Programmes

Advanced Negotiation and Mediation

  • Summer schools
  • Department of Law
  • Application code SS-LL300
  • Starting 2019
  • Short course: Open
  • Location: Houghton Street, London

Please note this information is for guidance only; confirmation of courses are to be announced in November

This course introduces students to a range of issues surrounding the dynamics of disputes and to the advanced models of negotiation and mediation designed to aid in their resolution. 

The focus of the course, which draws on insights from a range of academic disciplines including law, anthropology, psychology and economics, is on looking at contemporary dispute resolution theories across a range of settings. An important feature of the course is the way in which it examines the interface between theory and practice.


Session: One
Dates: 17 June – 5 July 2019
Lecturer: Professor Linda Mulcahy


 

Programme details

Key facts

Level: 300 level. Read more information on levels in our FAQs

Fees:  Please see Fees and payments

Lectures: 36 hours 

Classes: 18 hours

Assessment*: One examination and one essay

Typical credit**: 3-4 credits (US) 7.5 ECTS points (EU)


*Assessment is optional

**You will need to check with your home institution

For more information on exams and credit, read Teaching and assessment

Prerequisites

Introduction to legal methods or equivalent.

Programme structure

  • The evolution of disputes
  • Third party roles in dispute resolution
  • Negotiation models and tactics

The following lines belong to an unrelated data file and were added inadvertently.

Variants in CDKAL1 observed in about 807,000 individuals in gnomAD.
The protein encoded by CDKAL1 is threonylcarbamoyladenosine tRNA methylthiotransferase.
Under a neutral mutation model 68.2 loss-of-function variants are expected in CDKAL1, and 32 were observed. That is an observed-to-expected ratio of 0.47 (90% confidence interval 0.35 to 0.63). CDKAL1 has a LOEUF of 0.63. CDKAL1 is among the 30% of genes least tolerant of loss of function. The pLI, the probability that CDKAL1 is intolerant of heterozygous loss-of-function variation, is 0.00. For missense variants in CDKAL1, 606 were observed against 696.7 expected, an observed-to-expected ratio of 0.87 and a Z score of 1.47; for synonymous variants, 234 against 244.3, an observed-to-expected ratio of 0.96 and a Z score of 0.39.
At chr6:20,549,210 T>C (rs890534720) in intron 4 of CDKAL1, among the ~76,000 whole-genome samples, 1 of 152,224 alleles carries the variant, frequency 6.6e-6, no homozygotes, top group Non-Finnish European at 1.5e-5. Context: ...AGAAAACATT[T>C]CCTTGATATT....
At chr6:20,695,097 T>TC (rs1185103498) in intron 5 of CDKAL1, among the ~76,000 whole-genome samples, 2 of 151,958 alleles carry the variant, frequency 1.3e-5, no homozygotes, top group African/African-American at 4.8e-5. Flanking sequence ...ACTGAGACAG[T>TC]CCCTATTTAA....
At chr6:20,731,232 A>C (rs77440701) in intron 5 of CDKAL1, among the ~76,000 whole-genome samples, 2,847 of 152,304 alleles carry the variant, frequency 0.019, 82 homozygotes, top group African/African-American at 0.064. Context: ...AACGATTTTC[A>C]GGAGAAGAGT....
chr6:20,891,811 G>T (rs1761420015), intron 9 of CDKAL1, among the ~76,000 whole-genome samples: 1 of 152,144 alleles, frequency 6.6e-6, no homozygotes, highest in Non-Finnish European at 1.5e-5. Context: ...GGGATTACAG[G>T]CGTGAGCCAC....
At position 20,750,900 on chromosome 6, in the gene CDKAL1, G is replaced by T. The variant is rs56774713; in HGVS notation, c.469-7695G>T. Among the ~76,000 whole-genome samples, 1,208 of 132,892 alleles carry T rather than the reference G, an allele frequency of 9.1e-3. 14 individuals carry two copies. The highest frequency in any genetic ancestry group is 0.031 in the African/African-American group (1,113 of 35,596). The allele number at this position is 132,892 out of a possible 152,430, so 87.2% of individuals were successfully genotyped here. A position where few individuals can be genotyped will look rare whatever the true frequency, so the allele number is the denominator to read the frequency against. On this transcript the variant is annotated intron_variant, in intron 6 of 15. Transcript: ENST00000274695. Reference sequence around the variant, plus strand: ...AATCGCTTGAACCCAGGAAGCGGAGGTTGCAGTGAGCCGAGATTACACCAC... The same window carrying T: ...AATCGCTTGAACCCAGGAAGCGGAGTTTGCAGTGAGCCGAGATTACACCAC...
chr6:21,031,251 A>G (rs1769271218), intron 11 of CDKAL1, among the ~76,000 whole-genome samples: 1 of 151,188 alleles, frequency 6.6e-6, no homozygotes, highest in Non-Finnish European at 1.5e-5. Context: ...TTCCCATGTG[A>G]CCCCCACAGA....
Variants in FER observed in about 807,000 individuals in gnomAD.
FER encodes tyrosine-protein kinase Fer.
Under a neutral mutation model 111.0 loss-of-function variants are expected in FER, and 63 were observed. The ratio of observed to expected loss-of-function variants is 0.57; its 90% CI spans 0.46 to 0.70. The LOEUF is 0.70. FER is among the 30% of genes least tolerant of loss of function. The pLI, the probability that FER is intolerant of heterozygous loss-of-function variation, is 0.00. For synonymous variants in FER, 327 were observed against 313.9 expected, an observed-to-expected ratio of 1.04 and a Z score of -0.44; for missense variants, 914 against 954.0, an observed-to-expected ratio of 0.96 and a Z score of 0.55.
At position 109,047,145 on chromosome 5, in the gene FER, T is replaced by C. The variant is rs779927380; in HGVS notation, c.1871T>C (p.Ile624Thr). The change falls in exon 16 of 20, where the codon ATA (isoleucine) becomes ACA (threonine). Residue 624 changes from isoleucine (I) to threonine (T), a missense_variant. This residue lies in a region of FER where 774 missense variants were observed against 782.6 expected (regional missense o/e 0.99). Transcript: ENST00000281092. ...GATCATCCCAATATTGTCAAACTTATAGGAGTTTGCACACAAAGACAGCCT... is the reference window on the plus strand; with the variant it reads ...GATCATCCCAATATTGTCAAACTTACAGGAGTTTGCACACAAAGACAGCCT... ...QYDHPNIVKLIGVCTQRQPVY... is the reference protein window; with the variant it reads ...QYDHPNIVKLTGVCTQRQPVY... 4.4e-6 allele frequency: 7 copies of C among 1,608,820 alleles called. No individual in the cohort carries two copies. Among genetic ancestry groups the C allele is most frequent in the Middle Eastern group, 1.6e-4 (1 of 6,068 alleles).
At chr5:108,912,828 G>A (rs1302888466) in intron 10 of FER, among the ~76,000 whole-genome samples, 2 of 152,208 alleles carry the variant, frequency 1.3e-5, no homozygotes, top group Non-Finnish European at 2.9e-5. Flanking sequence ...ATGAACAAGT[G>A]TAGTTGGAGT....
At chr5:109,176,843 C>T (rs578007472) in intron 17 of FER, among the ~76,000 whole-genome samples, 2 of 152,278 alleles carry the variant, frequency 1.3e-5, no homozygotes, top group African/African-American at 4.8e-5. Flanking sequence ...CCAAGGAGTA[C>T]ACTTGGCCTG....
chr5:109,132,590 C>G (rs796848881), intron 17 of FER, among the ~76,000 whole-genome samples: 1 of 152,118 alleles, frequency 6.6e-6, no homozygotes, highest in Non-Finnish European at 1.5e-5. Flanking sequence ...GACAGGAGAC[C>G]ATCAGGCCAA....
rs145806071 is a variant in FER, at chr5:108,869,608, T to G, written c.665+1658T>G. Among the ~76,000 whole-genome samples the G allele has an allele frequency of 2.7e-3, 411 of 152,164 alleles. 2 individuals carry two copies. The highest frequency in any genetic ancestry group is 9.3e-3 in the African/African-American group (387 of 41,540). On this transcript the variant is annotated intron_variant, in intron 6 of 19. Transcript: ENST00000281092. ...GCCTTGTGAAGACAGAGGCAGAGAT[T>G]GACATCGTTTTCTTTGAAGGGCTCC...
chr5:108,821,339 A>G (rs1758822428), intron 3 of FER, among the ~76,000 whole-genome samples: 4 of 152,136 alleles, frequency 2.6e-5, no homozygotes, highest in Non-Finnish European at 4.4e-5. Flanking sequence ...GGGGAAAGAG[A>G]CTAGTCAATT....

• The uses of negotiation and ‘Getting to yes’
  • Evaluative, facilitative, transformative and transactional models of mediation
  • Mediation and negotiation role play

Course outcomes

  • Critically evaluate on-going developments in academic debates relating to alternative dispute resolution
  •  Discuss the socio-legal dynamics of disputes and the reasons why people embark on and pursue grievances
  •  Understand the distinctions between different types of dispute resolution processes
  •  Appreciate how negotiation and mediation theories offer insights to the analysis and resolution of disputes
  •  Explain how negotiation and mediation theories can be used in practical situations
  •  Demonstrate improved personal skills through exposure to the everyday dynamics of negotiation and mediation

Teaching

LSE’s Law Department is one of the world’s best. In the UK, it was ranked first for research outputs in the most recent Research Excellence Framework (REF) and in the top 5 law departments overall by The Complete University Guide in 2018. In the 2017 QS World University rankings, the Department was ranked seventh (out of 200 departments worldwide).

Many important subjects were first taught and examined systematically from an academic perspective in LSE’s Department of Law. We pioneered the study of banking law, taxation law, civil litigation, company law, labour law, family law, aspects of welfare law, and studies of the legal system and the legal profession, and continue to be the leading thinkers in our field.

On this three-week intensive programme, you will engage with and learn from full-time lecturers from the LSE’s law faculty.

Reading materials

Students are asked to buy a copy of the following books in advance of the course:

Henry Brown and Arthur Marriot, (2012) ADR: Principles and Practice, London: Sweet and Maxwell;

Genn, Hazel, (2009) Judging Civil Justice (The Hamlyn Lectures) Cambridge, Cambridge University Press and

Roger Fisher and William Ury (2012) Getting to Yes: Negotiating an Agreement Without Giving In, Random House.

The course readings also include journal articles and working papers, almost all of which can be accessed electronically. A course pack of key articles is provided.

*A more detailed reading list will be supplied prior to the start of the programme

**Course content, faculty and dates may be subject to change without prior notice

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